San Basilio de Palenque is the oldest free black city in the Americas. Located about 90 minutes southeast of Cartagena, this powerful maroon community was founded in 1603 by Benkos Biohó. Born into a royal family in Guinea-Bissau, West Africa, Biohó was later kidnapped and sold into slavery in the Spanish colony of Colombia. Given the royal leadership in his bloodline, it is no surprise that Biohó refused to accept his new civil status as a slave in a foreign land. Not only did he escape to freedom, he organized an army of soldiers that helped to free hundreds of other enslaved people. Under his leadership, Palenque was able to successfully defeat the Spanish who continuously threatened their community. Although Biohó was eventually betrayed and assassinated by the Spanish, the people of San Basilio de Palenque maintained his legacy and their land. In 2005, this historic community was recognized by UNESCO.
Palenque is a symbol of power, resilience, pride, and culture. Travelling through the streets of Palenque, I could not only feel the true essence of Colombia but also Africa. As an autonomous community that has been around for over four hundred years, it is a pinnacle of Afro-Colombian culture. Here are the top five things to do on your visit to Palenque:
1. Music and Dance
Experience the magic of cumbia. Commonly referred to as Spanish and Latin, these are in fact African rhythms brought to Colombia by African captives and enslaved peoples. You will find the traditional music and dance being performed by young and old alike. Some community members even sing in Palenquero, their native language.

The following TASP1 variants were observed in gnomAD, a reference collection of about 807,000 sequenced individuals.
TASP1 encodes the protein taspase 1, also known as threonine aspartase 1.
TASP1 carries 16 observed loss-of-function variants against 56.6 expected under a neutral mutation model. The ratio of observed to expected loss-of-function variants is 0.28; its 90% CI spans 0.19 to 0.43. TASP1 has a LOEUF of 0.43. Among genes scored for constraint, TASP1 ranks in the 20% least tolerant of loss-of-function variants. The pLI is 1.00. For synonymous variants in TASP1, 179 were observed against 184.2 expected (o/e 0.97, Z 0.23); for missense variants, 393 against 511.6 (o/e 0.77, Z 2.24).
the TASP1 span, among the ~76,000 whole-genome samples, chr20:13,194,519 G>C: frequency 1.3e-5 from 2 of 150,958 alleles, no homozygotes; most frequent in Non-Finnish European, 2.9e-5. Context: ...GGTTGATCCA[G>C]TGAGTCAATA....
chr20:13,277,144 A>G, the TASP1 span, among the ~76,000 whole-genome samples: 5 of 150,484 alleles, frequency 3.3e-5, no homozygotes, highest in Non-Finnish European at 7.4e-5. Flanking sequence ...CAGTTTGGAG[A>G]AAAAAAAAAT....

2. Sweet and Savory Treats
Cartagena is known for palenqueras, the beautifully and colorfully-dressed women who sell fruit and homemade coconut candies. These women originally came from Palenque. In Palenque you will find these delicious sweets as well as savory foods reminiscent of West African and Caribbean cuisine.
3. Street Art
The community is full of houses and buildings painted with empowering mantras that represent the pride and legacy of Biohó. Many of the town’s newest pieces are dedicated to Afro Neto, a proud, young rapper and activist from Palenque.
4. Biohó Monument
You can’t visit Palenque and not pay homage to its founder Benkos Biohó. Located in the town’s center, it shows Biohó’s struggle for freedom.
5. Hair Braiding
For the people of Palenque, hair braiding is not just an African tradition. It was a tool used by their ancestors to escape freedom. Intricate codes and maps would be braided into the scalps of enslaved people to help guide them to Palenque. Amidst a historical climate of Colombia and Latin America’s racism, erasure of black contributions, and anti-blackness, hair-braiding is used as a way to celebrate blackness.
To set up your personalized and authentic tour of Palenque, contact Paletur Tour Company at +57 310 6822091.